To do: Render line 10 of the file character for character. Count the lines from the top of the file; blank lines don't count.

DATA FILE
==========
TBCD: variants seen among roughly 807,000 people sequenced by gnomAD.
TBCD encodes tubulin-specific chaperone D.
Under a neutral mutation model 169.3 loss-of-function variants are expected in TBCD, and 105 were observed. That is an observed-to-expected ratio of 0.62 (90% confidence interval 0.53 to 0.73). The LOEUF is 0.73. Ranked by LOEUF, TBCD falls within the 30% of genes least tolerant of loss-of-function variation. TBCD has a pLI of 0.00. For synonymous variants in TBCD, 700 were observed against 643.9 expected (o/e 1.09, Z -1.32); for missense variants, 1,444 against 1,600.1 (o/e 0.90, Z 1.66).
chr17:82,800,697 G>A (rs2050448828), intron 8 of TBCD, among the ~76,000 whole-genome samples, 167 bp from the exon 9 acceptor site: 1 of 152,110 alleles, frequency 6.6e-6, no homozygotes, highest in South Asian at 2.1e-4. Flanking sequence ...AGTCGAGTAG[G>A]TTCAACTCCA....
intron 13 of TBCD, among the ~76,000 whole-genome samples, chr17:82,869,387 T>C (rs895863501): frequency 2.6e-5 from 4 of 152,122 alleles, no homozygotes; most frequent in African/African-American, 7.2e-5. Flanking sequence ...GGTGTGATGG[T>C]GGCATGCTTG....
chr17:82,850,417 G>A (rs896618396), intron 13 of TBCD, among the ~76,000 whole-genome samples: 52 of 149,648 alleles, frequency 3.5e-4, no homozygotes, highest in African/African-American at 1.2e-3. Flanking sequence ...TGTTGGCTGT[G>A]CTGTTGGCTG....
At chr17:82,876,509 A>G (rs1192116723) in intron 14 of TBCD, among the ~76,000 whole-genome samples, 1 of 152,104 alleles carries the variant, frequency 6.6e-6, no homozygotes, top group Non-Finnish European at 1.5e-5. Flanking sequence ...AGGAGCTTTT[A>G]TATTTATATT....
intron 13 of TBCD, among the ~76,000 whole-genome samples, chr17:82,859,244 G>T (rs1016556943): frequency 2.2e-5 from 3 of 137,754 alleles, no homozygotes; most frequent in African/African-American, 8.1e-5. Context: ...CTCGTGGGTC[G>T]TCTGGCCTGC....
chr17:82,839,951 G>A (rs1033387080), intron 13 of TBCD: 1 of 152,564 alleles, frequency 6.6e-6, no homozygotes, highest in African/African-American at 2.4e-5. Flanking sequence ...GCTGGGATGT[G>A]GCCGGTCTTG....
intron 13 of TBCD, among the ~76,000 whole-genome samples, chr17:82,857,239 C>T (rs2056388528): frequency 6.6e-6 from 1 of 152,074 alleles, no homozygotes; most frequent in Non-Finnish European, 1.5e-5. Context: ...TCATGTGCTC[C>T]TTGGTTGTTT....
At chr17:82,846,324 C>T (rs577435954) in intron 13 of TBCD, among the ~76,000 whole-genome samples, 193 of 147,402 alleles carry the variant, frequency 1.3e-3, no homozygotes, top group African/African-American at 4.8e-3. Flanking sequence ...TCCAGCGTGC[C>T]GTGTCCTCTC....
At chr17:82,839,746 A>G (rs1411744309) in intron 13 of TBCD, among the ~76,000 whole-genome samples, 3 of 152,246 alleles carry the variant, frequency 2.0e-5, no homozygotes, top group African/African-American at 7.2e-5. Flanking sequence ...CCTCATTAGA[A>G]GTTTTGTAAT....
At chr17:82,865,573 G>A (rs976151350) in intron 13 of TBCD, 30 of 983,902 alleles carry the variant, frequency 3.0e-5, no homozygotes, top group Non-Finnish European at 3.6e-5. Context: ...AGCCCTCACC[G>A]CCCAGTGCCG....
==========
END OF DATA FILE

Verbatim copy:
intron 13 of TBCD, among the ~76,000 whole-genome samples, chr17:82,857,239 C>T (rs2056388528): frequency 6.6e-6 from 1 of 152,074 alleles, no homozygotes; most frequent in Non-Finnish European, 1.5e-5. Context: ...TCATGTGCTC[C>T]TTGGTTGTTT....